.NET Core on Connector/NET updates.

Hello MySQL Connector/NET community,

Consistent with our ongoing effort to power MySQL products with the top technologies, we are pleased to announce the latest updates regarding MySQL Connector/NET and .NET Core.

And while we move forward, we also want to shape the product to maximize supportability. To achieve these two goals, we will deprecate the support for .NET Core 1.X to align with Microsoft’s end-of-life schedule (EOL May 14, 2019). But it’s not all about bad news, we also want to talk to you about the inclusion of .NET Core 2.2 support in the Connector/NET8.0.17 release. As you might know, .NET Core 2.2 is the latest GA release of .NET Core to provide a cross-platform framework that lets you build applications for Windows, Linux and macOS.

Our product, MySQL Connector/NET, is built against .NET Standard 2.0 that allows you to use it as a library in any of the .NET implementations compatible with that version of .NET Standard. For more details related to frameworks compatibility, you can go to the official .NET Standard versions web page. Given this, you can build a .NET Core 2.2 application using MySQL Connector/NET 8.0.17 and take advantage of all the new features and improvements this framework has to offer you.

To use Connector/NET in your .NET Core 2.2 project, simply make a reference to the library. There are two ways of achieving this:

  • First, by using NuGet to download a compatible version automatically.
  • Secondly, by downloading the MySQL Connector/NET source code and building it to ensure the corresponding DLLs are created. Then you can make use of the .NET Standard 2.0 version in your project.

Remember to include the element TargetFramework in your project file and to set the version of .NET Core desired, as shown in the example below:


If you are new to this framework, Microsoft offers a very useful guide to get you started with .NET Core (see Microsoft .NET Core guide).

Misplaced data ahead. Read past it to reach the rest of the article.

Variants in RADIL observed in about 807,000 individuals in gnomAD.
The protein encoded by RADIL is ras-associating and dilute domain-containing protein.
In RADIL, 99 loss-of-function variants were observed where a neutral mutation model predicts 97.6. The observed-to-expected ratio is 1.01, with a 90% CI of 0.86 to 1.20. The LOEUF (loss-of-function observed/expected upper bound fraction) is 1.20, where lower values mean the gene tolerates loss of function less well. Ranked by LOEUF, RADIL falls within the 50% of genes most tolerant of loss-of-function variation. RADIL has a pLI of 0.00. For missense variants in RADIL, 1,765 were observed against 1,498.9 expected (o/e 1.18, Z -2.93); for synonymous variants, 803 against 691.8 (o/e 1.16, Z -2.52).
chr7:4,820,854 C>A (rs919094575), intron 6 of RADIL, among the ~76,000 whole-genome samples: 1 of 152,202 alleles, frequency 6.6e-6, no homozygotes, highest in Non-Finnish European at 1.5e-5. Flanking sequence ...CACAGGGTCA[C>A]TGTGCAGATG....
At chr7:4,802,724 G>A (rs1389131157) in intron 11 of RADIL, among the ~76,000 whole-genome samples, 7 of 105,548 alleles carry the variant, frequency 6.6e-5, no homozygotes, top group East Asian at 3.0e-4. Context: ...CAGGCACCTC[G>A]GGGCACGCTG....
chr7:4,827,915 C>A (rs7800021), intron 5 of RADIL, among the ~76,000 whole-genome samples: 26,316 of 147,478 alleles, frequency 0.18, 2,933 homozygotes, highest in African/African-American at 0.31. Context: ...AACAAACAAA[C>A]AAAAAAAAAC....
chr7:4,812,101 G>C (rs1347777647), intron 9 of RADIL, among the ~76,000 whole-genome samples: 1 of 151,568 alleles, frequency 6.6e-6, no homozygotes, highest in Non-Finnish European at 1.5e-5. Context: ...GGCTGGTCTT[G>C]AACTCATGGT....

We hope you find this information useful so you could start using MySQL Connector/NET with the most recent technologies. Your feedback is always welcome and all your comments inspire us to keep improving so that we offer you a product with top quality.

Finally, here are some links that could be useful for you:

We hope to hear from you!

MySQL Connector/NET 8.0.17 has been released

Dear MySQL users,

MySQL Connector/NET 8.0.17 is the fifth version to support Entity Framework Core 2.1 and the sixth general availability release of MySQL Connector/NET to add support for the new X DevAPI, which enables application developers to write code that combines the
strengths of the relational and document models using a modern, NoSQL-like syntax that does not assume previous experience writing traditional SQL.

To learn more about how to write applications using the X DevAPI, see http://dev.mysql.com/doc/x-devapi-userguide/en/index.html. For more information about how the X DevAPI is implemented in Connector/NET, see http://dev.mysql.com/doc/dev/connector-net. NuGet packages provide functionality at a project level. To get the
full set of features available in Connector/NET such as availability in the GAC, integration with Visual Studio’s Entity Framework Designer and integration with MySQL for Visual Studio, installation through the MySQL Installer or the stand-alone MSI is required.

Please note that the X DevAPI requires at least MySQL Server version 8.0 or higher with the X Plugin enabled. For general documentation about how to get started using MySQL as a document store, see http://dev.mysql.com/doc/refman/8.0/en/document-store.html.